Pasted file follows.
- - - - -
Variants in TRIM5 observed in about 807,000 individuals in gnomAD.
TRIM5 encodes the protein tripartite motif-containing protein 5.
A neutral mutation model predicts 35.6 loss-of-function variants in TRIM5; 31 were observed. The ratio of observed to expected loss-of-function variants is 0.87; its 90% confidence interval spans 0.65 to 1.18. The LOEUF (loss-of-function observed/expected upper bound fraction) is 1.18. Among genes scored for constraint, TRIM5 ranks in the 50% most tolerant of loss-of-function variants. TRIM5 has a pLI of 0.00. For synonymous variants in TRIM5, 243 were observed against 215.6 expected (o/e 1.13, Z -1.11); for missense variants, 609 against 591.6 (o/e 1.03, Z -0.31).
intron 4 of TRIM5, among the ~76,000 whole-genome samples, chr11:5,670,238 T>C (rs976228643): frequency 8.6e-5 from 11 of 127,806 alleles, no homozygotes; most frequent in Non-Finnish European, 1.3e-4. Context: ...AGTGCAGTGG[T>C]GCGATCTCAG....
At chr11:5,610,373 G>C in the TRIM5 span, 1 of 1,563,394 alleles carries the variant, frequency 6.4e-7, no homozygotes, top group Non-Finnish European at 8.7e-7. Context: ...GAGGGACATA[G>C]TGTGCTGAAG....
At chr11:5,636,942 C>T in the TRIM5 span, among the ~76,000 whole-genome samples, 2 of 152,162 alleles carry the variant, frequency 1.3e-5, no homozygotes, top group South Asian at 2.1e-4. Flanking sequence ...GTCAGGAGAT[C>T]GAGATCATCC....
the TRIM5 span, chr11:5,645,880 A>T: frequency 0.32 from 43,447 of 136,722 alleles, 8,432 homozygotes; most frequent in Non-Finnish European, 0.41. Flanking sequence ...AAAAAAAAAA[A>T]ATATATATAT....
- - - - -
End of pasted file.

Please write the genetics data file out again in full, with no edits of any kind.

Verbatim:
Variants in TRIM5 observed in about 807,000 individuals in gnomAD.
TRIM5 encodes the protein tripartite motif-containing protein 5.
A neutral mutation model predicts 35.6 loss-of-function variants in TRIM5; 31 were observed. The ratio of observed to expected loss-of-function variants is 0.87; its 90% confidence interval spans 0.65 to 1.18. The LOEUF (loss-of-function observed/expected upper bound fraction) is 1.18. Among genes scored for constraint, TRIM5 ranks in the 50% most tolerant of loss-of-function variants. TRIM5 has a pLI of 0.00. For synonymous variants in TRIM5, 243 were observed against 215.6 expected (o/e 1.13, Z -1.11); for missense variants, 609 against 591.6 (o/e 1.03, Z -0.31).
intron 4 of TRIM5, among the ~76,000 whole-genome samples, chr11:5,670,238 T>C (rs976228643): frequency 8.6e-5 from 11 of 127,806 alleles, no homozygotes; most frequent in Non-Finnish European, 1.3e-4. Context: ...AGTGCAGTGG[T>C]GCGATCTCAG....
At chr11:5,610,373 G>C in the TRIM5 span, 1 of 1,563,394 alleles carries the variant, frequency 6.4e-7, no homozygotes, top group Non-Finnish European at 8.7e-7. Context: ...GAGGGACATA[G>C]TGTGCTGAAG....
At chr11:5,636,942 C>T in the TRIM5 span, among the ~76,000 whole-genome samples, 2 of 152,162 alleles carry the variant, frequency 1.3e-5, no homozygotes, top group South Asian at 2.1e-4. Flanking sequence ...GTCAGGAGAT[C>T]GAGATCATCC....
the TRIM5 span, chr11:5,645,880 A>T: frequency 0.32 from 43,447 of 136,722 alleles, 8,432 homozygotes; most frequent in Non-Finnish European, 0.41. Flanking sequence ...AAAAAAAAAA[A>T]ATATATATAT....